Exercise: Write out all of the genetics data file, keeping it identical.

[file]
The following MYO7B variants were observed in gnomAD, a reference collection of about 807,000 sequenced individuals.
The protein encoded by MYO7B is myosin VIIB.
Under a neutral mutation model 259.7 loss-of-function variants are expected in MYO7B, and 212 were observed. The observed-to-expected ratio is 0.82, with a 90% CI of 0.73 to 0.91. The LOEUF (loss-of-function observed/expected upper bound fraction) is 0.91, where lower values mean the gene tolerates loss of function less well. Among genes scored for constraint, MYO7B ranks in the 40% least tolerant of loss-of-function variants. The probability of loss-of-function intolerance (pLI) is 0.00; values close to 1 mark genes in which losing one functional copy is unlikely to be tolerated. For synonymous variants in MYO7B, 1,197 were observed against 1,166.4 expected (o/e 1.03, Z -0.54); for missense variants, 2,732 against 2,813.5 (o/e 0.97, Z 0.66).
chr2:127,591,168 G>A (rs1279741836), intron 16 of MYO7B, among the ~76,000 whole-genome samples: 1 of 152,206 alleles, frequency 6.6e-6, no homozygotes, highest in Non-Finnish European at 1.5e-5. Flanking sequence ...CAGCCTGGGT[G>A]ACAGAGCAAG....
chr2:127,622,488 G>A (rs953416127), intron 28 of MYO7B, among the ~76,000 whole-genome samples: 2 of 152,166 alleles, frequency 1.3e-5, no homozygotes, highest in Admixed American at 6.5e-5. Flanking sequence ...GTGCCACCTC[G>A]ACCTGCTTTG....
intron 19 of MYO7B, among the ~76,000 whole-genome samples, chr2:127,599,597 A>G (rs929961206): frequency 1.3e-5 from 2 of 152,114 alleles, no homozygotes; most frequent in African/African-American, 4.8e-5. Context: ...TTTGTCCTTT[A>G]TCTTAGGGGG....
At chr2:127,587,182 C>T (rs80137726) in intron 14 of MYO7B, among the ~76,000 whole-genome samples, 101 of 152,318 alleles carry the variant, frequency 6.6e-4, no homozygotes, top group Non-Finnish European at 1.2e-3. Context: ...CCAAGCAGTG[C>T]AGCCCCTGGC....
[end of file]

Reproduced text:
The following MYO7B variants were observed in gnomAD, a reference collection of about 807,000 sequenced individuals.
The protein encoded by MYO7B is myosin VIIB.
Under a neutral mutation model 259.7 loss-of-function variants are expected in MYO7B, and 212 were observed. The observed-to-expected ratio is 0.82, with a 90% CI of 0.73 to 0.91. The LOEUF (loss-of-function observed/expected upper bound fraction) is 0.91, where lower values mean the gene tolerates loss of function less well. Among genes scored for constraint, MYO7B ranks in the 40% least tolerant of loss-of-function variants. The probability of loss-of-function intolerance (pLI) is 0.00; values close to 1 mark genes in which losing one functional copy is unlikely to be tolerated. For synonymous variants in MYO7B, 1,197 were observed against 1,166.4 expected (o/e 1.03, Z -0.54); for missense variants, 2,732 against 2,813.5 (o/e 0.97, Z 0.66).
chr2:127,591,168 G>A (rs1279741836), intron 16 of MYO7B, among the ~76,000 whole-genome samples: 1 of 152,206 alleles, frequency 6.6e-6, no homozygotes, highest in Non-Finnish European at 1.5e-5. Flanking sequence ...CAGCCTGGGT[G>A]ACAGAGCAAG....
chr2:127,622,488 G>A (rs953416127), intron 28 of MYO7B, among the ~76,000 whole-genome samples: 2 of 152,166 alleles, frequency 1.3e-5, no homozygotes, highest in Admixed American at 6.5e-5. Flanking sequence ...GTGCCACCTC[G>A]ACCTGCTTTG....
intron 19 of MYO7B, among the ~76,000 whole-genome samples, chr2:127,599,597 A>G (rs929961206): frequency 1.3e-5 from 2 of 152,114 alleles, no homozygotes; most frequent in African/African-American, 4.8e-5. Context: ...TTTGTCCTTT[A>G]TCTTAGGGGG....
At chr2:127,587,182 C>T (rs80137726) in intron 14 of MYO7B, among the ~76,000 whole-genome samples, 101 of 152,318 alleles carry the variant, frequency 6.6e-4, no homozygotes, top group Non-Finnish European at 1.2e-3. Context: ...CCAAGCAGTG[C>T]AGCCCCTGGC....